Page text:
Cover image for Gilbert, the man who was G.K. Chesterton
Gilbert, the man who was G.K. Chesterton
Coren, Michael.
Personal Author:
First U.S. edition.
Publication Information:
New York : Paragon House, 1990.
Physical Description:
304 pages, 16 unnumbered pages of plates : illustrations ; 24 cm
General Note:
"Published in a slightly different version by Jonathan Cape, Ltd., United Kingdom, 1989"--T.p. verso.

Includes index.
Format :


Call Number
Material Type
Home Location
Central Library PR4453.C4 Z5876 1990 Adult Non-Fiction Non-Fiction Area
Central Library PR4453.C4 Z5876 1990 Adult Non-Fiction Central Closed Stacks

On Order

Reviews 4

Booklist Review

Biographers of Chesterton can't really go wrong: the man is theatrically eccentric in such a lovable way he might have emerged full-grown from the brow of Dickens. The priggish Catholic and anti-Semite in private life is generously paradoxical in his serious fiction. His spiritualism--a Ouija board saved one of his marriages--will endear him to New Agers. He was no misogynist; misogynists have to think about women. His friendships (with men, of course) were steadfast. And finally, he loved to party. Coren's biography, relying on voluminous correspondence, convincingly details the Victorian London in which Chesterton lived through his pen, though his subject's unconventionality at times baffles the biographer. Bibliography; to be indexed. --Roland Wulbert

Publisher's Weekly Review

Gilbert Keith Chesterton (1874-1936), although perhaps best known nowadays for his Father Brown mysteries, which have been adapted for TV, was a prolific poet, novelist and essayist. He deserves another biography, but this affectionate work by a Toronto literary critic is merely adequate. Catholic writers in particular have lauded Chesterton's wit, style and industriousness, while others have castigated his logorrhea, sloppy research, unintending insensitivity and anti-Semitism. Coren tries to deal fairly with the corpulent, sword-stick-carrying author--whom he insists on calling Gilbert--but he fails to convince us of Chesterton's charm or importance. Photos not seen by PW. (Mar.) (c) Copyright PWxyz, LLC. All rights reserved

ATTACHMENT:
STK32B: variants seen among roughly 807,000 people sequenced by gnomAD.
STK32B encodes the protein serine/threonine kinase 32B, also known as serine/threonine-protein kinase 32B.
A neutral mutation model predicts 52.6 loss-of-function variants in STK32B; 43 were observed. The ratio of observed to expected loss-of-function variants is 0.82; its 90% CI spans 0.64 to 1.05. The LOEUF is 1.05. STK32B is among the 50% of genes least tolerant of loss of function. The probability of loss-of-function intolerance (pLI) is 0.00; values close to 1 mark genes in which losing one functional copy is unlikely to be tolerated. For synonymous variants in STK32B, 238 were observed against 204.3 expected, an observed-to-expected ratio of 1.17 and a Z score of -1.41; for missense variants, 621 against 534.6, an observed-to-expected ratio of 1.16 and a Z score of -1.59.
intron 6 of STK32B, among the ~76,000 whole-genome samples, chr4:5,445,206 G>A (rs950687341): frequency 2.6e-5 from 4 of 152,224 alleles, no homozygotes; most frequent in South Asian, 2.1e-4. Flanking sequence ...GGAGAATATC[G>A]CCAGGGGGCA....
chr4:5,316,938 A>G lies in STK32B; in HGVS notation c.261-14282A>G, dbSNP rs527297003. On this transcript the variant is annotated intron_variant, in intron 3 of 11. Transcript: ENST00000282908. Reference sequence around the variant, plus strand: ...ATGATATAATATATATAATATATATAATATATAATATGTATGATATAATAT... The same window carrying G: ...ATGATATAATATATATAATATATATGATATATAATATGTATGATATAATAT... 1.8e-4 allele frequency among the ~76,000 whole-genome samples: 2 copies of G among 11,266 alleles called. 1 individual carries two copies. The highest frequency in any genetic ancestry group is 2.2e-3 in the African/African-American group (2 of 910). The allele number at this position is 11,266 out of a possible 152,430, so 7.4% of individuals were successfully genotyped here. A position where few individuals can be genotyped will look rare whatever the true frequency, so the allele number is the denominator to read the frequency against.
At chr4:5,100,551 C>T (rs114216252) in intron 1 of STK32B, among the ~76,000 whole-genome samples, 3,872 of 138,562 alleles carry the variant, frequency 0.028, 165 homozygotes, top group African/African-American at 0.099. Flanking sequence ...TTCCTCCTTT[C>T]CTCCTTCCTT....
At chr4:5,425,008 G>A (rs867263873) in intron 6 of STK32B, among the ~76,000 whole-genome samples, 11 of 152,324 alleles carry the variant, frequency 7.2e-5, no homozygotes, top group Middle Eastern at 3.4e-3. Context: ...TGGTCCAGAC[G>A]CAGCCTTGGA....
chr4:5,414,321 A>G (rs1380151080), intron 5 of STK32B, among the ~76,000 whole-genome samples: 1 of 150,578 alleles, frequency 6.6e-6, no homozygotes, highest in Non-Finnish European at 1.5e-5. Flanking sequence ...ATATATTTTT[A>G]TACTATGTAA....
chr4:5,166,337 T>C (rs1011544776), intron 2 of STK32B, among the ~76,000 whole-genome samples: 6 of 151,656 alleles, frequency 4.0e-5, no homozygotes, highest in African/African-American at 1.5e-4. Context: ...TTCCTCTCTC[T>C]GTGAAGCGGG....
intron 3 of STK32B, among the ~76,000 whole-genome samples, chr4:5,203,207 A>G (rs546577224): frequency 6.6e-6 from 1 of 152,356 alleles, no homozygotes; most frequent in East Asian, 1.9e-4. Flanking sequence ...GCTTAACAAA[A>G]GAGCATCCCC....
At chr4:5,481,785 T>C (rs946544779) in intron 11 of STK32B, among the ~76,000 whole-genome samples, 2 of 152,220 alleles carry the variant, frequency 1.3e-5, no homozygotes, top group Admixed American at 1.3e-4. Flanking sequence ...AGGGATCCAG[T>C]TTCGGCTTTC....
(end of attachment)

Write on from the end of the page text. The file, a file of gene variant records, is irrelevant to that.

Library Journal Review

Chesterton (1874-1936) crammed his life with work, drawing, editing, debating, and writing mysteries, biographies, histories, essays, and poetry, over 70 volumes in all. He knew many contemporary literary figures such as Shaw, Belloc, and Beerbohm. In a balanced and chronological way, Coren follows this huge, peculiar man, quoting extensively from letters, journals, and his autobiography. In readable prose he chronicles Chesterton's sometimes naive economic and political ideas, occasional bigotry, efforts to maintain his bloated body, and influential conversion to Catholicism. With his ``frequent insistence on treading the middle road, even when that position was untenable,'' Chesterton is a slippery, sometimes annoying, figure. The book is a life, not a literary criticism, and is recommended for large libraries that want another view of this writer.-- John Miller, Normandale Community Coll., Bloom ington, Minn. (c) Copyright 2010. Library Journals LLC, a wholly owned subsidiary of Media Source, Inc. No redistribution permitted.

Choice Review

Yet another biography of G. K. Chesterton, Coren's offering might be most easily characterized as a domestic one, in contrast to the politically oriented The Outline of Sanity by Alzina Stone Dale (CH, May '83) or to Michael Ffinch's G.K. Chesterton (1986), which traced the religious development. Coren handles the domesticity well, including a fuller treatment of Chesterton's childhood, schooldays, and early professional career than any this reviewer has seen before. As many others lured to write on Chesterton may have experienced, however, such choices have high costs, in that one must ignore other facets of a long and multileveled career, a career that included the writing of about 130 books. Among other things that Coren chooses to jettison is extended criticism of the works and ideas; when he does get into such matters, he writes, at most, a page or two and very often only a paragraph or even a sentence. Coren handles the problem of the anti-Semitism and racism more evenhandedly than any of his predecessors, and he is not afraid to conclude that the hero is more than a little tainted and guilty in helping to create the atmosphere that led to more horrendous events. Conversely he downplays the Roman Catholicism, which has been a stumbling block for many potential readers of GKC. Nonetheless, this is a rewarding and well-written book that deserves the attention of serious Chestertonians and would be a worthwhile purchase for all libraries. L. J. Clipper Indiana University at South Bend

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